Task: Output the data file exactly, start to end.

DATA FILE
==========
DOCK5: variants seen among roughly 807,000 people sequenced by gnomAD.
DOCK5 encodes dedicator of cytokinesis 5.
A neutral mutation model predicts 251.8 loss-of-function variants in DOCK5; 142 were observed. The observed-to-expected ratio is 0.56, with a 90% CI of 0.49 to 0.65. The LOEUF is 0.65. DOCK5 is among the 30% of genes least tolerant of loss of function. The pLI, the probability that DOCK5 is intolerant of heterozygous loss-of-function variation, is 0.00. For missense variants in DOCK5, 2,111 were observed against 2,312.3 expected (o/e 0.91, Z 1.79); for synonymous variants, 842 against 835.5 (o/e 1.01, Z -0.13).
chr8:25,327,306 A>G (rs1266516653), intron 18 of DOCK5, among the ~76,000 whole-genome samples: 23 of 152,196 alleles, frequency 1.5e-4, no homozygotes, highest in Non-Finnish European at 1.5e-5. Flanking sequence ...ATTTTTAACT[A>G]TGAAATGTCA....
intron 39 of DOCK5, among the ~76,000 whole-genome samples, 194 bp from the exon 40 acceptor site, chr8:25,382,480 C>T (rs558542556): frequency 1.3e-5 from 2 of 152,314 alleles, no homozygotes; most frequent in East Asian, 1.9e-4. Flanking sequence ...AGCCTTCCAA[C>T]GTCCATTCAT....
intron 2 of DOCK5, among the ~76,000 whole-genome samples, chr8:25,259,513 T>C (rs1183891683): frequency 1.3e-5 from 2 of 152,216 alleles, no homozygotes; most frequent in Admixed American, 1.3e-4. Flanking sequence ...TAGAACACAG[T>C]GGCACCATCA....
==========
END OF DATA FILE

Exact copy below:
DOCK5: variants seen among roughly 807,000 people sequenced by gnomAD.
DOCK5 encodes dedicator of cytokinesis 5.
A neutral mutation model predicts 251.8 loss-of-function variants in DOCK5; 142 were observed. The observed-to-expected ratio is 0.56, with a 90% CI of 0.49 to 0.65. The LOEUF is 0.65. DOCK5 is among the 30% of genes least tolerant of loss of function. The pLI, the probability that DOCK5 is intolerant of heterozygous loss-of-function variation, is 0.00. For missense variants in DOCK5, 2,111 were observed against 2,312.3 expected (o/e 0.91, Z 1.79); for synonymous variants, 842 against 835.5 (o/e 1.01, Z -0.13).
chr8:25,327,306 A>G (rs1266516653), intron 18 of DOCK5, among the ~76,000 whole-genome samples: 23 of 152,196 alleles, frequency 1.5e-4, no homozygotes, highest in Non-Finnish European at 1.5e-5. Flanking sequence ...ATTTTTAACT[A>G]TGAAATGTCA....
intron 39 of DOCK5, among the ~76,000 whole-genome samples, 194 bp from the exon 40 acceptor site, chr8:25,382,480 C>T (rs558542556): frequency 1.3e-5 from 2 of 152,314 alleles, no homozygotes; most frequent in East Asian, 1.9e-4. Flanking sequence ...AGCCTTCCAA[C>T]GTCCATTCAT....
intron 2 of DOCK5, among the ~76,000 whole-genome samples, chr8:25,259,513 T>C (rs1183891683): frequency 1.3e-5 from 2 of 152,216 alleles, no homozygotes; most frequent in Admixed American, 1.3e-4. Flanking sequence ...TAGAACACAG[T>C]GGCACCATCA....